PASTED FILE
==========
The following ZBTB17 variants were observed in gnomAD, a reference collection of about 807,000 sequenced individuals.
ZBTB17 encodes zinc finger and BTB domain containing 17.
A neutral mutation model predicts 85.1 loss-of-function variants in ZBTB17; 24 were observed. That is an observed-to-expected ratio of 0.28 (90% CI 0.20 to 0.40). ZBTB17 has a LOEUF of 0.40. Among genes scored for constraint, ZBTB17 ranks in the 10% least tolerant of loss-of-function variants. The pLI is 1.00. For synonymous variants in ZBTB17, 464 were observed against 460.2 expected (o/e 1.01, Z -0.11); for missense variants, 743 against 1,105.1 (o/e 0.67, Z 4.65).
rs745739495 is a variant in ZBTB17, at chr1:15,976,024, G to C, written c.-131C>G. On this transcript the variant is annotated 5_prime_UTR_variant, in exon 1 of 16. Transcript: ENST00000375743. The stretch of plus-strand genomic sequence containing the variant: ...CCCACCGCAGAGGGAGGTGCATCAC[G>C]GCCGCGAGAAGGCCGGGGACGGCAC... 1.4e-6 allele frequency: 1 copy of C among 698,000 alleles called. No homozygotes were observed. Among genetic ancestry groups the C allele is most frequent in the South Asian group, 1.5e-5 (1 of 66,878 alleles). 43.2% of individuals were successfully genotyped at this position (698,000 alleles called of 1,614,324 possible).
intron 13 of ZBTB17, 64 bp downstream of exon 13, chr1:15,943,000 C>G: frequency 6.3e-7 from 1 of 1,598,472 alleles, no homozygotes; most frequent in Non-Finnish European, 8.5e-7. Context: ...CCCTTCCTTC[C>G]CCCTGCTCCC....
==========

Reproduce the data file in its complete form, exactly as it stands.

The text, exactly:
The following ZBTB17 variants were observed in gnomAD, a reference collection of about 807,000 sequenced individuals.
ZBTB17 encodes zinc finger and BTB domain containing 17.
A neutral mutation model predicts 85.1 loss-of-function variants in ZBTB17; 24 were observed. That is an observed-to-expected ratio of 0.28 (90% CI 0.20 to 0.40). ZBTB17 has a LOEUF of 0.40. Among genes scored for constraint, ZBTB17 ranks in the 10% least tolerant of loss-of-function variants. The pLI is 1.00. For synonymous variants in ZBTB17, 464 were observed against 460.2 expected (o/e 1.01, Z -0.11); for missense variants, 743 against 1,105.1 (o/e 0.67, Z 4.65).
rs745739495 is a variant in ZBTB17, at chr1:15,976,024, G to C, written c.-131C>G. On this transcript the variant is annotated 5_prime_UTR_variant, in exon 1 of 16. Transcript: ENST00000375743. The stretch of plus-strand genomic sequence containing the variant: ...CCCACCGCAGAGGGAGGTGCATCAC[G>C]GCCGCGAGAAGGCCGGGGACGGCAC... 1.4e-6 allele frequency: 1 copy of C among 698,000 alleles called. No homozygotes were observed. Among genetic ancestry groups the C allele is most frequent in the South Asian group, 1.5e-5 (1 of 66,878 alleles). 43.2% of individuals were successfully genotyped at this position (698,000 alleles called of 1,614,324 possible).
intron 13 of ZBTB17, 64 bp downstream of exon 13, chr1:15,943,000 C>G: frequency 6.3e-7 from 1 of 1,598,472 alleles, no homozygotes; most frequent in Non-Finnish European, 8.5e-7. Context: ...CCCTTCCTTC[C>G]CCCTGCTCCC....